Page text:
When talking with your teams, are there certain words you tend to use more than others? Through a variety of interactions (1:1’s, team meetings, workshops, etc), I realised there are 3 words I found myself regularly using. It reminded me of the what2words geocode system. Mine are mindset.balance.judgement. I see them as my 3 words of leadership. These won’t help me navigate to a precise location, but I find them useful in guiding how teams and individuals navigate different situations.
Here’s how I think about each one…
How we approach different situations is quite telling in our attitude and overall outlook. Work life is full of ups and downs with an ongoing cycle of challenges such as: changing requirements, deadlines, production incidents, hiring freezes, redundancies, etc. They can weigh us down and affect our thought process.
The growth/fixed mindsets may come to mind. While we need to understand these when working with individuals, when I say ‘mindset’, it’s more in the context of teams and delivery. More often than not we’re asked to do more with less. So how teams navigate through the decisions they need to make often determines the success or failure of a project.
There are different contexts I find myself saying “mindset” but the 2 most common ones are product mindset and testing mindset.
What are the different ways we can approach the requirement or problem in front of us to achieve the most value for our customers? Many times engineers simply ‘do what they’re told’ – requirements come in, they implement what’s written on the ticket. This isn’t using a product mindset.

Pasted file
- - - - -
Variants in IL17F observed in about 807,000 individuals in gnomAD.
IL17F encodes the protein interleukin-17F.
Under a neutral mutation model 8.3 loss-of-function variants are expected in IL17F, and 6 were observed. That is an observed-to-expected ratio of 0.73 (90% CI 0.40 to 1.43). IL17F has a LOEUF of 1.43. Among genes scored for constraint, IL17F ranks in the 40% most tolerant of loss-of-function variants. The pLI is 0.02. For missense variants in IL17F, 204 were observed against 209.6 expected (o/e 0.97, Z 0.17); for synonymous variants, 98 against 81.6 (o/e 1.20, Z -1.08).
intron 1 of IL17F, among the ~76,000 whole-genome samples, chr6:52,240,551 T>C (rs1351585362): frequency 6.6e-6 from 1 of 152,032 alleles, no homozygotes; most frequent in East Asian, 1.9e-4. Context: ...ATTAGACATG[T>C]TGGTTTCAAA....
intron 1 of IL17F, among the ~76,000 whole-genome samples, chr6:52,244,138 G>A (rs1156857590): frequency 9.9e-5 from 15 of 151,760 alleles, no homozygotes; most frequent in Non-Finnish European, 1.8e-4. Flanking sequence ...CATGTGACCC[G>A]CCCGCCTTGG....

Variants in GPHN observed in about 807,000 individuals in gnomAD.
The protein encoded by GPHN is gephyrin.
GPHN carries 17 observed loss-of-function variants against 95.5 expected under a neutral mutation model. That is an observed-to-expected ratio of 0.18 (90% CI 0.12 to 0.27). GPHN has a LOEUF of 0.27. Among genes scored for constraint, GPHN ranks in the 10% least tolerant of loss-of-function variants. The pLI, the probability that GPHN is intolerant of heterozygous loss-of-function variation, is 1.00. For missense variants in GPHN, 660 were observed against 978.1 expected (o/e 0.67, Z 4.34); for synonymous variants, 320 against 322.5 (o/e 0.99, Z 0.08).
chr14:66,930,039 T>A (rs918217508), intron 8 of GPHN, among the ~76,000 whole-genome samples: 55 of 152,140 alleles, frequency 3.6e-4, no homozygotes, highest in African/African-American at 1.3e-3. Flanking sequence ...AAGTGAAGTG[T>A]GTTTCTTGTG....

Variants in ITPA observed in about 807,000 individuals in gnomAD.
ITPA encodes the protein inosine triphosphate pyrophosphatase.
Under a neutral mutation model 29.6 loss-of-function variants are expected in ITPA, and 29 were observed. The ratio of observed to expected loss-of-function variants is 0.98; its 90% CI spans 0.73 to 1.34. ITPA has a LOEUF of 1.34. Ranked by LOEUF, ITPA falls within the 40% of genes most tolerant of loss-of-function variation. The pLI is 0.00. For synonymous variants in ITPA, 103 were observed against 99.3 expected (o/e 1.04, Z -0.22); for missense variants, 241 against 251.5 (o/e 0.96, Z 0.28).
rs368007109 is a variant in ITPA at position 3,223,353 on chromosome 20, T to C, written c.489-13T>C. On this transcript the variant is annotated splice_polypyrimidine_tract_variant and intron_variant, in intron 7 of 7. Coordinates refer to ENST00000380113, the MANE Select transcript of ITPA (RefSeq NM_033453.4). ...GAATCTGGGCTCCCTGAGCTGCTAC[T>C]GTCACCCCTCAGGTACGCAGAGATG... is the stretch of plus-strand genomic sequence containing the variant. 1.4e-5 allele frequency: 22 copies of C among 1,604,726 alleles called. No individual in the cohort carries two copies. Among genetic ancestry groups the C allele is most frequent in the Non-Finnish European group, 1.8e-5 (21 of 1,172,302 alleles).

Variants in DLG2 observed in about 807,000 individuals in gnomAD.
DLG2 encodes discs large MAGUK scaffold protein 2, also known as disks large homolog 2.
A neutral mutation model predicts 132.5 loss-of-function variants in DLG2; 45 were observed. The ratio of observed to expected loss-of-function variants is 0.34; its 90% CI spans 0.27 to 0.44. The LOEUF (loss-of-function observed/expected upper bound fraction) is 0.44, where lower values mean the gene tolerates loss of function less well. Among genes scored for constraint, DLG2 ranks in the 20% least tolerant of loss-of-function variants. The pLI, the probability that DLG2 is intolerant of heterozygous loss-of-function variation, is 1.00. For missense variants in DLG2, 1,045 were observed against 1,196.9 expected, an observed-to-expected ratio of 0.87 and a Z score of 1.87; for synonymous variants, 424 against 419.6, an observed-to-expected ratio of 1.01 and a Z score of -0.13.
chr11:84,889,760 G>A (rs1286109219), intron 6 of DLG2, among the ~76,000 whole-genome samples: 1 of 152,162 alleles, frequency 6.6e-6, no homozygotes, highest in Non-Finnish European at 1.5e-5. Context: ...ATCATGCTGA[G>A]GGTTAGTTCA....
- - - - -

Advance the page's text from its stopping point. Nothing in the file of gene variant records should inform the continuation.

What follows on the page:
It’s not solely down to the Product Managers to determine every product decision, the team must be involved. Engineers need to develop a commercial understanding to form their own opinions on what would be of value. This means being closer to customers or customer facing business functions. This provides more data for the team to discuss and increases opportunities for them to influence a change of direction.
I’ve seen a lead influence the Product team to change their strategy on a new feature which resulted in this feature being showcased by marketing and sales teams. This was all because the lead had a product mindset and was passionate about the value it could give to the customers.
The more we can develop our product mindsets the more we help our businesses succeed. Enabling more time for hackathons or ‘20% time’ allows engineers to work on their ideas and even spark innovation across teams that could change business strategy for the better.